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I'm looking for alternative ways to push view controllers instantiated on storyboard programmatically. I've actually found two ways, that I use to go to the next view, but also to go back to the previous:

  1. using pushViewController:

    UIStoryboard *storyboard = [UIStoryboard storyboardWithName:@"MainStoryboard" bundle: nil]; 
    LocationWebView *lvc = [storyboard instantiateViewControllerWithIdentifier:@"LocationWebView"];
    [self.navigationController pushViewController:lvc animated:YES];
  2. performing Segue programmatically:

    [self performSegueWithIdentifier: @"SongSegue" sender: self];

Do you have some hints on alternatives and on the best way this operation should be performed? Note that I'm not referring to modal views.

share|improve this question
personally, since you're using a Storyboard and segues, then #2 is a nicer way of doing it. – Mike K Jan 29 '12 at 8:31
may #1 be useful if you have to push a viewcontroller that cannot have a segue? i.e. push viewcontroller from disclosure button of mapview annotations. – kappa Mar 16 '12 at 15:26
Anything can have a segue. Not everything can have an automatic segue entirely made in IB (like buttons and table cells). But you can still create a segue in IB starting from a view controller itself and use #2 to perform it; this is exactly what you'd do for map callout buttons. – rickster Jun 16 '12 at 16:44
I would recommend using #2 if you have the target view controller represented in your storyboard (you pretty much have to in order to use a segue). But #1 (or rather just the last line) when you are creating the view controller programmatically (such as for very simple/single-use view controllers). – devios Aug 17 '13 at 17:57

Apple recommends using performSegueWithIdentifier:sender:someObject to programmatically perform segues. There are at least a couple of advantages to doing it this way:

  • Less of your own code means you're letting the framework do more of the work. If Apple comes up with some super-cool new visual effect for push segues, or improves performance, or fixes a bug in some future iOS release, your app can get it for free. And every line of code you write to do work the framework could be doing for you increases your chance of writing bugs.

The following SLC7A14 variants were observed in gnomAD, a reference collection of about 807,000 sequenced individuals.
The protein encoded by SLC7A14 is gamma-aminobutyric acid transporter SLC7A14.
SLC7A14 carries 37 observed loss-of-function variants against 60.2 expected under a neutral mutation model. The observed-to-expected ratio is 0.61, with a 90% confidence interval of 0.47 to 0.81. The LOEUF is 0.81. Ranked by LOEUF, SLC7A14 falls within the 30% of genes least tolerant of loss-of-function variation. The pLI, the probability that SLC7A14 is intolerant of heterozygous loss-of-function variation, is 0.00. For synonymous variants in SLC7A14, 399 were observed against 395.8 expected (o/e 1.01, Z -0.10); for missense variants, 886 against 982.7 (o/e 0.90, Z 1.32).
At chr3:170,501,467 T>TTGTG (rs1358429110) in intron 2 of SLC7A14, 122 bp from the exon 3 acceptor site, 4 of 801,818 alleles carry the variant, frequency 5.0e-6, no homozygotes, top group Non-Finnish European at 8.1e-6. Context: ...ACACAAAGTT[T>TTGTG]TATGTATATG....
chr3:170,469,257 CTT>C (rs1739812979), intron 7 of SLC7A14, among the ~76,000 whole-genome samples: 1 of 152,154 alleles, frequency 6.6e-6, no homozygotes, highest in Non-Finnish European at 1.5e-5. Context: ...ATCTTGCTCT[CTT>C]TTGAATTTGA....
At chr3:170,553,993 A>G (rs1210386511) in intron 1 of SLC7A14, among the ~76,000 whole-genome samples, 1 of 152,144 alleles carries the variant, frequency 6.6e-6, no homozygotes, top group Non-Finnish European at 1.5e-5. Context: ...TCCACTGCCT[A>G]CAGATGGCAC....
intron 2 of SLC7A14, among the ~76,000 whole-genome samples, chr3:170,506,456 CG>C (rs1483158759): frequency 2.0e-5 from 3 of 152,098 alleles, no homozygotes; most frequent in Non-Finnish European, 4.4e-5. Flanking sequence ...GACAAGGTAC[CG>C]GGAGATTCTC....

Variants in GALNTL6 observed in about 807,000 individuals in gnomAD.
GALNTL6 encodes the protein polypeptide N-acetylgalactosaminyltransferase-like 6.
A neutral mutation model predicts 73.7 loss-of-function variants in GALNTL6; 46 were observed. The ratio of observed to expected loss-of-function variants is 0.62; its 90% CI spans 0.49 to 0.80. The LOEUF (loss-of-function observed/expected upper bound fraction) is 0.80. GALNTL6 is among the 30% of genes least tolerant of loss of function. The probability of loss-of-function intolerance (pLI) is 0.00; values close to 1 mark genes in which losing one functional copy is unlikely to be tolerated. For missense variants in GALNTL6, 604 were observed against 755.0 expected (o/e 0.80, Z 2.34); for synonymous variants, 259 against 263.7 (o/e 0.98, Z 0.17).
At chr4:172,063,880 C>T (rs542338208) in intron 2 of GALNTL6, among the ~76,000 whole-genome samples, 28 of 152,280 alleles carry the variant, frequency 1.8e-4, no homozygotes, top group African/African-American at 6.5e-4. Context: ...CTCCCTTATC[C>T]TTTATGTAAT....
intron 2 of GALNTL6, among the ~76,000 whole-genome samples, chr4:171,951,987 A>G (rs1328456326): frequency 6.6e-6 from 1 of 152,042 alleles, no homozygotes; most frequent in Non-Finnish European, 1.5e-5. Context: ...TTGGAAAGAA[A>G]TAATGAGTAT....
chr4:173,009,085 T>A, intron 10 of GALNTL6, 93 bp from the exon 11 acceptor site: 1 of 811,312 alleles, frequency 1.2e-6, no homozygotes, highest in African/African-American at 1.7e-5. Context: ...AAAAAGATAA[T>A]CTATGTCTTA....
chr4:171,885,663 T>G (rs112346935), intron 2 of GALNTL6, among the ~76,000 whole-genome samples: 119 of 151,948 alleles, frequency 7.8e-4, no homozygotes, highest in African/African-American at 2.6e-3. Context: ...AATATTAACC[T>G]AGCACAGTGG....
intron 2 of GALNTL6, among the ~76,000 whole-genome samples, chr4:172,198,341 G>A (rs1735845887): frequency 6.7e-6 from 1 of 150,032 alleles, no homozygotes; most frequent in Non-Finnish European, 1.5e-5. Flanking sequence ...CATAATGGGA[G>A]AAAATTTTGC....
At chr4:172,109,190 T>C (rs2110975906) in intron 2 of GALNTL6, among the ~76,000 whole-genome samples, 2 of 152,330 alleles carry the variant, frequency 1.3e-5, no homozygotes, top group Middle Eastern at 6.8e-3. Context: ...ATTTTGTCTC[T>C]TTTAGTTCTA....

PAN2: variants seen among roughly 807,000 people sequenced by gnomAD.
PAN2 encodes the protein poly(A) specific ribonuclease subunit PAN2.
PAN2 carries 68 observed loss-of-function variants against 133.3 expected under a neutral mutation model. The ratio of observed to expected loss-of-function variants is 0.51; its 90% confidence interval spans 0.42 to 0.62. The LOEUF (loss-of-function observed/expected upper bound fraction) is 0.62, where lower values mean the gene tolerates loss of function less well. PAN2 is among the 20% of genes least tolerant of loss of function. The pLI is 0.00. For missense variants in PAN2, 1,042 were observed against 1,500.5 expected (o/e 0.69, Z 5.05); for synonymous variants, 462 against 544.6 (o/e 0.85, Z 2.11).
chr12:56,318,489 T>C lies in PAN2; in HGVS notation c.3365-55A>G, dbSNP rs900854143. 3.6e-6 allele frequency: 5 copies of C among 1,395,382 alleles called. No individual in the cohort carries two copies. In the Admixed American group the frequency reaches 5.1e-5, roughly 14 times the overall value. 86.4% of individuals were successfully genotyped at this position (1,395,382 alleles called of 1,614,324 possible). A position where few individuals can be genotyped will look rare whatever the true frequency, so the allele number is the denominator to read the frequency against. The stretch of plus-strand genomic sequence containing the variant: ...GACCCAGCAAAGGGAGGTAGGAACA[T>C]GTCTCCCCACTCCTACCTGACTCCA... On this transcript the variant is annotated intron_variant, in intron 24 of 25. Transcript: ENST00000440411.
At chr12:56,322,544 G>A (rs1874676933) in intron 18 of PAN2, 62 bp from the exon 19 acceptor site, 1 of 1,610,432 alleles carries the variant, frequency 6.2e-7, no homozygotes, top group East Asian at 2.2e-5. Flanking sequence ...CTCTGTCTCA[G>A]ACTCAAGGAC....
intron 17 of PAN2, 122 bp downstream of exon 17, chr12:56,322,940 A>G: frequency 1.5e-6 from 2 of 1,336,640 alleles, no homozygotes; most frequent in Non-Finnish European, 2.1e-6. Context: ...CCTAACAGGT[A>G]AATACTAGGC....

• More in IB can mean easier to change. If you decide you want to change all your push segues to modal segues, or some custom segue type where you do your own super-cool visual effect, you can select 'em all in IB and change the segue type with one click instead of hunting around in your code.

In addition, whether you use the first or second method, pushing a view controller in order to go "back" to a previous view controller won't work the way your users expect. When you push a SongViewController, it's added to the end of the navigation stack:

LocationViewController -> SongViewController

If you then push LocationViewController again to go "back":

LocationViewController -> SongViewController -> LocationViewController

If the user taps the back button in the navigation bar, they'll go back from the location view to the song view to the location view again. (Also, if you keep doing this, every "back" and "forward" will add to an ever-increasing chain of view controllers, which might lead to other trouble.)

Instead, you should let the navigation controller handle going back. It puts a button in the navigation bar for that purpose, which should handle most use cases. If you need to make your own control to go back, you can't do this in IB with iOS 5, but you can do it programmatically with the navigation controller's popViewControllerAnimated: method.

share|improve this answer

Personally, I use the #2 when I am in a UIViewController that is under a UINavigationController. I don't think it will work it there is no UINavigationController.

When I am using a view that is under a UITabBarController, I use the following code to transition to another tab:

NSUInteger tabIndex = 2; // Index of the tab I want to select
UIViewController * viewCtrl = [_tabController.viewControllers objectAtIndex:tabIndex];
_tabController.selectedViewController = viewCtrl;
share|improve this answer
Shouldn't objectAtIndex:0 be objectAtIndex:tabIndex? – Kevin Jun 8 '12 at 12:09
@Kevin You are right. I did the edit in the example. – gfrigon Jun 18 '12 at 14:05

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